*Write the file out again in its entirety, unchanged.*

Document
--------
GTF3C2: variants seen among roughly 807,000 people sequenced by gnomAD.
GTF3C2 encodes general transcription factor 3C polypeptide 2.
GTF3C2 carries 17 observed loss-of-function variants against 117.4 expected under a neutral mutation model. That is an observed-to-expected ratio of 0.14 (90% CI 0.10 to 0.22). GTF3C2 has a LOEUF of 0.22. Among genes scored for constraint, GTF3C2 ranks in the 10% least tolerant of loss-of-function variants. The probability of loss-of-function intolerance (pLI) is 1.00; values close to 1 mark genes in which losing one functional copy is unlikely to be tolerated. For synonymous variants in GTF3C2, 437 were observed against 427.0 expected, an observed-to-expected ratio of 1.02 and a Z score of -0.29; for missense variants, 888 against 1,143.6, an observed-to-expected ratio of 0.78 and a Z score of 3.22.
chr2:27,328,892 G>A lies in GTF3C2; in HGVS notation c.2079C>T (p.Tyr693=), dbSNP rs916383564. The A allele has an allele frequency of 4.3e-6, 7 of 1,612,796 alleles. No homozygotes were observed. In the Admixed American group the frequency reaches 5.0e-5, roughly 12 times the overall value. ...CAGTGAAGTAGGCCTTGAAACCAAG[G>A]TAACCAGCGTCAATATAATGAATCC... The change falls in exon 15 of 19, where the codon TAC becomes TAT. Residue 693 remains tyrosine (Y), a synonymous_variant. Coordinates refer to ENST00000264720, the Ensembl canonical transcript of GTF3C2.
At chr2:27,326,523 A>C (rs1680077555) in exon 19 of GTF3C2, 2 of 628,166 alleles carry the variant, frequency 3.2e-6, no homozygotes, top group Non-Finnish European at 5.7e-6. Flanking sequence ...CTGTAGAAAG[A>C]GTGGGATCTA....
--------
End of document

GTF3C2: variants seen among roughly 807,000 people sequenced by gnomAD.
GTF3C2 encodes general transcription factor 3C polypeptide 2.
GTF3C2 carries 17 observed loss-of-function variants against 117.4 expected under a neutral mutation model. That is an observed-to-expected ratio of 0.14 (90% CI 0.10 to 0.22). GTF3C2 has a LOEUF of 0.22. Among genes scored for constraint, GTF3C2 ranks in the 10% least tolerant of loss-of-function variants. The probability of loss-of-function intolerance (pLI) is 1.00; values close to 1 mark genes in which losing one functional copy is unlikely to be tolerated. For synonymous variants in GTF3C2, 437 were observed against 427.0 expected, an observed-to-expected ratio of 1.02 and a Z score of -0.29; for missense variants, 888 against 1,143.6, an observed-to-expected ratio of 0.78 and a Z score of 3.22.
chr2:27,328,892 G>A lies in GTF3C2; in HGVS notation c.2079C>T (p.Tyr693=), dbSNP rs916383564. The A allele has an allele frequency of 4.3e-6, 7 of 1,612,796 alleles. No homozygotes were observed. In the Admixed American group the frequency reaches 5.0e-5, roughly 12 times the overall value. ...CAGTGAAGTAGGCCTTGAAACCAAG[G>A]TAACCAGCGTCAATATAATGAATCC... The change falls in exon 15 of 19, where the codon TAC becomes TAT. Residue 693 remains tyrosine (Y), a synonymous_variant. Coordinates refer to ENST00000264720, the Ensembl canonical transcript of GTF3C2.
At chr2:27,326,523 A>C (rs1680077555) in exon 19 of GTF3C2, 2 of 628,166 alleles carry the variant, frequency 3.2e-6, no homozygotes, top group Non-Finnish European at 5.7e-6. Flanking sequence ...CTGTAGAAAG[A>C]GTGGGATCTA....